As Virginia prepares for an expected winter storm event, Governor McAuliffe’s declaration of a state of emergency has triggered Virginia’s anti-price gouging statutes designed to protect consumers from paying exorbitant prices for necessities during an emergency.
“I’d encourage all Virginians to get ready for a potentially disruptive winter storm event this weekend. Consumers should be aware of your rights and businesses should be aware of their responsibilities in light of Governor McAuliffe’s emergency declaration,” said Attorney General Herring.
Enacted in 2004, Virginia’s Anti-Price Gouging Act prohibits a supplier from charging “unconscionable prices” for “necessary goods and services” during the thirty day period following a declared state of emergency. Items and services covered by these protections include but are not limited to water, ice, food, generators, batteries, home repair materials and services, and tree removal services. The basic test for determining if a price is unconscionable is whether the post-disaster price grossly exceeds the price charged for the same or similar goods or services during the ten days immediately prior to the disaster.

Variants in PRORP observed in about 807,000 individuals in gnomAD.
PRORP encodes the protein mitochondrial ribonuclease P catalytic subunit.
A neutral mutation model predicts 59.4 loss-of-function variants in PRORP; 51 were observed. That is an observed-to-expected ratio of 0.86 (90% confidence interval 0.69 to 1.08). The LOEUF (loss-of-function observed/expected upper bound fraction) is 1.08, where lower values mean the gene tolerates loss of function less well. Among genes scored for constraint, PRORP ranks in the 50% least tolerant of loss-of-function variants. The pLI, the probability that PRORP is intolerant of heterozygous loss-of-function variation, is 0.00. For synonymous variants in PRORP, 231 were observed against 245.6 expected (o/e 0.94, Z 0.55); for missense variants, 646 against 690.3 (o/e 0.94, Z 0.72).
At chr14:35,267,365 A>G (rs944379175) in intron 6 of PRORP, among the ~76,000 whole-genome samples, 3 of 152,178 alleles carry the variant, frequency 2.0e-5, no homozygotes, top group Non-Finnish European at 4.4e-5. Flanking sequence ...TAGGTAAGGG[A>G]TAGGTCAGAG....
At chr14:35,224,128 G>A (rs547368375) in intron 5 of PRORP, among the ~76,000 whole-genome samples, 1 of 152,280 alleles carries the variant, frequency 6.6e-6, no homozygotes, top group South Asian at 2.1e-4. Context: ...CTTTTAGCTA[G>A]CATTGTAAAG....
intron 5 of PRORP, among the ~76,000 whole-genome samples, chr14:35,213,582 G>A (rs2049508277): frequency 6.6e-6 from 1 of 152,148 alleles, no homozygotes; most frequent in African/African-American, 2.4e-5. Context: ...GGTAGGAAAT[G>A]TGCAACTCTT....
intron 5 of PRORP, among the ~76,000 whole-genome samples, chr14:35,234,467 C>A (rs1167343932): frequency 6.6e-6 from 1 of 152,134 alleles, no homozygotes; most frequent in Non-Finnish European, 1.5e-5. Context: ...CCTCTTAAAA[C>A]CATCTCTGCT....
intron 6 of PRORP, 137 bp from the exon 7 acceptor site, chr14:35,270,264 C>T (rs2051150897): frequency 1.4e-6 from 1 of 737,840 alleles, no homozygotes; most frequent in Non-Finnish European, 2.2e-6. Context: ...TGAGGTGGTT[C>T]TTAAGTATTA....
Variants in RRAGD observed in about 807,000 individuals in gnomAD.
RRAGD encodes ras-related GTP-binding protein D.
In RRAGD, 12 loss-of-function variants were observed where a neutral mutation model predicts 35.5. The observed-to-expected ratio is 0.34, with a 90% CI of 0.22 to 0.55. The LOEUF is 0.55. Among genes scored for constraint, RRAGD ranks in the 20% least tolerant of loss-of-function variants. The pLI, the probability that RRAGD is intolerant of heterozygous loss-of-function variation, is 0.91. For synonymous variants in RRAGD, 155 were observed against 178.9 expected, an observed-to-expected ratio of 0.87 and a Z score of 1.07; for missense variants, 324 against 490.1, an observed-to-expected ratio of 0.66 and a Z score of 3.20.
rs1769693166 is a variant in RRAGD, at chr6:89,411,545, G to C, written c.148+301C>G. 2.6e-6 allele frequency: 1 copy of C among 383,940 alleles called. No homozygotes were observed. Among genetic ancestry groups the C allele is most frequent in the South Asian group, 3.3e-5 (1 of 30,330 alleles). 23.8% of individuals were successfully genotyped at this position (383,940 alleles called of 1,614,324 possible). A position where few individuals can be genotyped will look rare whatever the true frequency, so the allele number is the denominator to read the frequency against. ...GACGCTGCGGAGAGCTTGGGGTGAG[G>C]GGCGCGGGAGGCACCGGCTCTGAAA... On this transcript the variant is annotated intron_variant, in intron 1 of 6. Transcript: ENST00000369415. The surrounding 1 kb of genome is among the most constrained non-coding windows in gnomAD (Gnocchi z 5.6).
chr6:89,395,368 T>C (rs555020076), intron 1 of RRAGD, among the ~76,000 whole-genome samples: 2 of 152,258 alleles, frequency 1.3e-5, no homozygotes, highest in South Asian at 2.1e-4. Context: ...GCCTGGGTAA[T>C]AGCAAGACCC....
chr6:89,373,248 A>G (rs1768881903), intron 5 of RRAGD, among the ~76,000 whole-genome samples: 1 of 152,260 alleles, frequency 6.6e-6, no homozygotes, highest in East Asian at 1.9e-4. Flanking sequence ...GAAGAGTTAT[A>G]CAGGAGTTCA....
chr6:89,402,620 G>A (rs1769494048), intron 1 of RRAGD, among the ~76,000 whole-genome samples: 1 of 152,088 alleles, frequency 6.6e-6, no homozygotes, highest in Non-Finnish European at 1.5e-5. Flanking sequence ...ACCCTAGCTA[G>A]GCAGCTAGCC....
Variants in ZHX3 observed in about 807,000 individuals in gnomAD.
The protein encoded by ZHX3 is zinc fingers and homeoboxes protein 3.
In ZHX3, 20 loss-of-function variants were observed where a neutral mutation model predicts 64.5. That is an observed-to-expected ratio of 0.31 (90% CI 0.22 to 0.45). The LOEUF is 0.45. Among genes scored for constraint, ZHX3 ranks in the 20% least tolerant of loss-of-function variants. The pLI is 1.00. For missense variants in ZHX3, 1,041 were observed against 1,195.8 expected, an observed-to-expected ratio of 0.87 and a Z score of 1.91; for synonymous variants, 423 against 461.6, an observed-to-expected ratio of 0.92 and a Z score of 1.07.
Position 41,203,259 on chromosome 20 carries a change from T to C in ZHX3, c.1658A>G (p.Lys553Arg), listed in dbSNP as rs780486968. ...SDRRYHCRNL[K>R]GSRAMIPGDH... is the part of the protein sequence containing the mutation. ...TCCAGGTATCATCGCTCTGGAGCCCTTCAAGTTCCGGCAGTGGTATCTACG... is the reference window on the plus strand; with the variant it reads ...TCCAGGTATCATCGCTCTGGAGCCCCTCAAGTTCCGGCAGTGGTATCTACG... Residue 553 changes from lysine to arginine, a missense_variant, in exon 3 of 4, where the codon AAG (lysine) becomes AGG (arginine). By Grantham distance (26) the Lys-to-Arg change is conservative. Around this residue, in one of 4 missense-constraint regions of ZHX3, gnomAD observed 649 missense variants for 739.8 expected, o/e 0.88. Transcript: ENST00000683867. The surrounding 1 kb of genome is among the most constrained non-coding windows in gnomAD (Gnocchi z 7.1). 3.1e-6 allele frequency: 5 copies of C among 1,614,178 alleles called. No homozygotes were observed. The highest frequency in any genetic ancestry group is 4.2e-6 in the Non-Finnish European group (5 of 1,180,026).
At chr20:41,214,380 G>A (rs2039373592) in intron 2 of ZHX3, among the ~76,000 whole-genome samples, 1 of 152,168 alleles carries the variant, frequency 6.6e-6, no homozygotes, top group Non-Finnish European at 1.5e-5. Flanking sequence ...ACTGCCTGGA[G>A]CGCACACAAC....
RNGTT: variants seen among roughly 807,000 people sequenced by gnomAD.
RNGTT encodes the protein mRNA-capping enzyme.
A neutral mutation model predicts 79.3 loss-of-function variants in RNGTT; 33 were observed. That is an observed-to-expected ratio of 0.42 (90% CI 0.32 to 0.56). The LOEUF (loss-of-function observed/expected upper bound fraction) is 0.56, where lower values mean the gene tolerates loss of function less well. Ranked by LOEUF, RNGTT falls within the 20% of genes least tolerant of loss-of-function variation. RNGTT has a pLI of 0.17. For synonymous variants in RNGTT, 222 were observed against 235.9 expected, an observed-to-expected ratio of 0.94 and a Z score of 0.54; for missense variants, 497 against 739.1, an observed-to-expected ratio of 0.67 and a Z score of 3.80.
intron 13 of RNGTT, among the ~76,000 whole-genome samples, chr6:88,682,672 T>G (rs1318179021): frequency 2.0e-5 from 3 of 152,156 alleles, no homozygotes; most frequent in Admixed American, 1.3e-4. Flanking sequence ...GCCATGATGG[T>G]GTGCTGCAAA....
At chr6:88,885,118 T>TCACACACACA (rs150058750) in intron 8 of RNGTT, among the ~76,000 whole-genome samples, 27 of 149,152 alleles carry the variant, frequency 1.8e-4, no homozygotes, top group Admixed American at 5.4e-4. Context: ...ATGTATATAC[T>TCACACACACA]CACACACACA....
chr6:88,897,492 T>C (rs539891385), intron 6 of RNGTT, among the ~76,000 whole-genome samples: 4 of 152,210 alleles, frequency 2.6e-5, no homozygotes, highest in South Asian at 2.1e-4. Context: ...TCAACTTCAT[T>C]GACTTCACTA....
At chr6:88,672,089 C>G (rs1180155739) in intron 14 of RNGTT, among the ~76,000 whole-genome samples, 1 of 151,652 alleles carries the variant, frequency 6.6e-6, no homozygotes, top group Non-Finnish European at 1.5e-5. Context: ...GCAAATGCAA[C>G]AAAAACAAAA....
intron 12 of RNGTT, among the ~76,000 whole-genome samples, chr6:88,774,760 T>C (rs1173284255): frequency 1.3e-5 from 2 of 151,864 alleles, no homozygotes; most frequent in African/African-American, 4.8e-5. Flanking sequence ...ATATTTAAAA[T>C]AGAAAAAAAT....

Violations of Virginia’s Anti-Price Gouging Act are enforceable by the Office of the Attorney General through the Virginia Consumer Protection Act. Complaints should be reported for investigation to the Office of the Attorney General Consumer Protection Section, with the exception of claims related to gasoline and motor fuel prices, which are handled by the Virginia Department of Agriculture and Consumer Services.
If a consumer suspects they are a victim of price gouging, they can call the Consumer Protection Hotline or download a complaint form from the Attorney General’s website and submit it in-person, by mail, or by fax. Consumers are encouraged to keep any relevant documentation and submit copies with their complaint.
Consumers can contact Attorney General Herring’s Consumer Protection Section for information or to file a complaint: